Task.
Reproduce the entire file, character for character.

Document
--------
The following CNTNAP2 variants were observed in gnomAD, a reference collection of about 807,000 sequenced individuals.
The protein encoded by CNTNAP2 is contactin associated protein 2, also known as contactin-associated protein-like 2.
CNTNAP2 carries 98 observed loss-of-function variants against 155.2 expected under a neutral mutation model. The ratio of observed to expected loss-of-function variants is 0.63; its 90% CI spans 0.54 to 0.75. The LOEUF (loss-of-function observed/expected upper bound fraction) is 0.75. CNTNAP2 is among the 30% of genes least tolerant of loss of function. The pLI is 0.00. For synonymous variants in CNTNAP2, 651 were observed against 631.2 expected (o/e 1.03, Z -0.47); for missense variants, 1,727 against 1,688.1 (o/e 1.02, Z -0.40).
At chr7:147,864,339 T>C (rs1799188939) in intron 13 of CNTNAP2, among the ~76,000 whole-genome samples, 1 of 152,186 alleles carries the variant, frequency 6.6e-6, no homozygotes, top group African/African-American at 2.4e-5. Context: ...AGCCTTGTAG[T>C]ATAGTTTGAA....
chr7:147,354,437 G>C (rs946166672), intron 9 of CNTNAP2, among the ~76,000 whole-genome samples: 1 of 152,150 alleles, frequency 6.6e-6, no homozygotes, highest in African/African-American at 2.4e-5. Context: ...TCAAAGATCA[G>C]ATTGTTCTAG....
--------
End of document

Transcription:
The following CNTNAP2 variants were observed in gnomAD, a reference collection of about 807,000 sequenced individuals.
The protein encoded by CNTNAP2 is contactin associated protein 2, also known as contactin-associated protein-like 2.
CNTNAP2 carries 98 observed loss-of-function variants against 155.2 expected under a neutral mutation model. The ratio of observed to expected loss-of-function variants is 0.63; its 90% CI spans 0.54 to 0.75. The LOEUF (loss-of-function observed/expected upper bound fraction) is 0.75. CNTNAP2 is among the 30% of genes least tolerant of loss of function. The pLI is 0.00. For synonymous variants in CNTNAP2, 651 were observed against 631.2 expected (o/e 1.03, Z -0.47); for missense variants, 1,727 against 1,688.1 (o/e 1.02, Z -0.40).
At chr7:147,864,339 T>C (rs1799188939) in intron 13 of CNTNAP2, among the ~76,000 whole-genome samples, 1 of 152,186 alleles carries the variant, frequency 6.6e-6, no homozygotes, top group African/African-American at 2.4e-5. Context: ...AGCCTTGTAG[T>C]ATAGTTTGAA....
chr7:147,354,437 G>C (rs946166672), intron 9 of CNTNAP2, among the ~76,000 whole-genome samples: 1 of 152,150 alleles, frequency 6.6e-6, no homozygotes, highest in African/African-American at 2.4e-5. Context: ...TCAAAGATCA[G>C]ATTGTTCTAG....